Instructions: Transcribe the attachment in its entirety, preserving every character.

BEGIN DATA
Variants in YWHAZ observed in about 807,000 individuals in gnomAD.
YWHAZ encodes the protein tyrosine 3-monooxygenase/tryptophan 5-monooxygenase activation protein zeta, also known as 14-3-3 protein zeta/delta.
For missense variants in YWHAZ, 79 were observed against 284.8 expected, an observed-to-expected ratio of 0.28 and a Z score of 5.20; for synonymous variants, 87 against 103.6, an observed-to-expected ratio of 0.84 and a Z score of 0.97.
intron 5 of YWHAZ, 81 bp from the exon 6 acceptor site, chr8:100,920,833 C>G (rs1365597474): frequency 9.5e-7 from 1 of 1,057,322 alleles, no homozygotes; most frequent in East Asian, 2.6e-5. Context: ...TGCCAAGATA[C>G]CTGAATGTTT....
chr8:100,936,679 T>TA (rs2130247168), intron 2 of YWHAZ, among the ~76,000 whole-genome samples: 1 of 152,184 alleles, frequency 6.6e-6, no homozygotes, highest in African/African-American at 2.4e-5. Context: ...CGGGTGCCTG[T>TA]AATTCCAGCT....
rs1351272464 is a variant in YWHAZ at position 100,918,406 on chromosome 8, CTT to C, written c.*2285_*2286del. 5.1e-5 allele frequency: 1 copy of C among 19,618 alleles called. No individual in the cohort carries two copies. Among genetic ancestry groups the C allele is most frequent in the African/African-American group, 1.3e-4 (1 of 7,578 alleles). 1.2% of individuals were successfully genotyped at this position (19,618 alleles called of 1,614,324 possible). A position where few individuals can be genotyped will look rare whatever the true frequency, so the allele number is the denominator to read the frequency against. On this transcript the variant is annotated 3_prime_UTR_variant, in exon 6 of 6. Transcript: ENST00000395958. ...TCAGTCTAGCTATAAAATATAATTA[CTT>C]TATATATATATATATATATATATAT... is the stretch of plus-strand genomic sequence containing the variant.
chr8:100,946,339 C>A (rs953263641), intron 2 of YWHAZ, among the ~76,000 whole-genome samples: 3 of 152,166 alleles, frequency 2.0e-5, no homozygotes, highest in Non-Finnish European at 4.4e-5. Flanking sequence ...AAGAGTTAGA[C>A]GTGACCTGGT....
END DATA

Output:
Variants in YWHAZ observed in about 807,000 individuals in gnomAD.
YWHAZ encodes the protein tyrosine 3-monooxygenase/tryptophan 5-monooxygenase activation protein zeta, also known as 14-3-3 protein zeta/delta.
For missense variants in YWHAZ, 79 were observed against 284.8 expected, an observed-to-expected ratio of 0.28 and a Z score of 5.20; for synonymous variants, 87 against 103.6, an observed-to-expected ratio of 0.84 and a Z score of 0.97.
intron 5 of YWHAZ, 81 bp from the exon 6 acceptor site, chr8:100,920,833 C>G (rs1365597474): frequency 9.5e-7 from 1 of 1,057,322 alleles, no homozygotes; most frequent in East Asian, 2.6e-5. Context: ...TGCCAAGATA[C>G]CTGAATGTTT....
chr8:100,936,679 T>TA (rs2130247168), intron 2 of YWHAZ, among the ~76,000 whole-genome samples: 1 of 152,184 alleles, frequency 6.6e-6, no homozygotes, highest in African/African-American at 2.4e-5. Context: ...CGGGTGCCTG[T>TA]AATTCCAGCT....
rs1351272464 is a variant in YWHAZ at position 100,918,406 on chromosome 8, CTT to C, written c.*2285_*2286del. 5.1e-5 allele frequency: 1 copy of C among 19,618 alleles called. No individual in the cohort carries two copies. Among genetic ancestry groups the C allele is most frequent in the African/African-American group, 1.3e-4 (1 of 7,578 alleles). 1.2% of individuals were successfully genotyped at this position (19,618 alleles called of 1,614,324 possible). A position where few individuals can be genotyped will look rare whatever the true frequency, so the allele number is the denominator to read the frequency against. On this transcript the variant is annotated 3_prime_UTR_variant, in exon 6 of 6. Transcript: ENST00000395958. ...TCAGTCTAGCTATAAAATATAATTA[CTT>C]TATATATATATATATATATATATAT... is the stretch of plus-strand genomic sequence containing the variant.
chr8:100,946,339 C>A (rs953263641), intron 2 of YWHAZ, among the ~76,000 whole-genome samples: 3 of 152,166 alleles, frequency 2.0e-5, no homozygotes, highest in Non-Finnish European at 4.4e-5. Flanking sequence ...AAGAGTTAGA[C>A]GTGACCTGGT....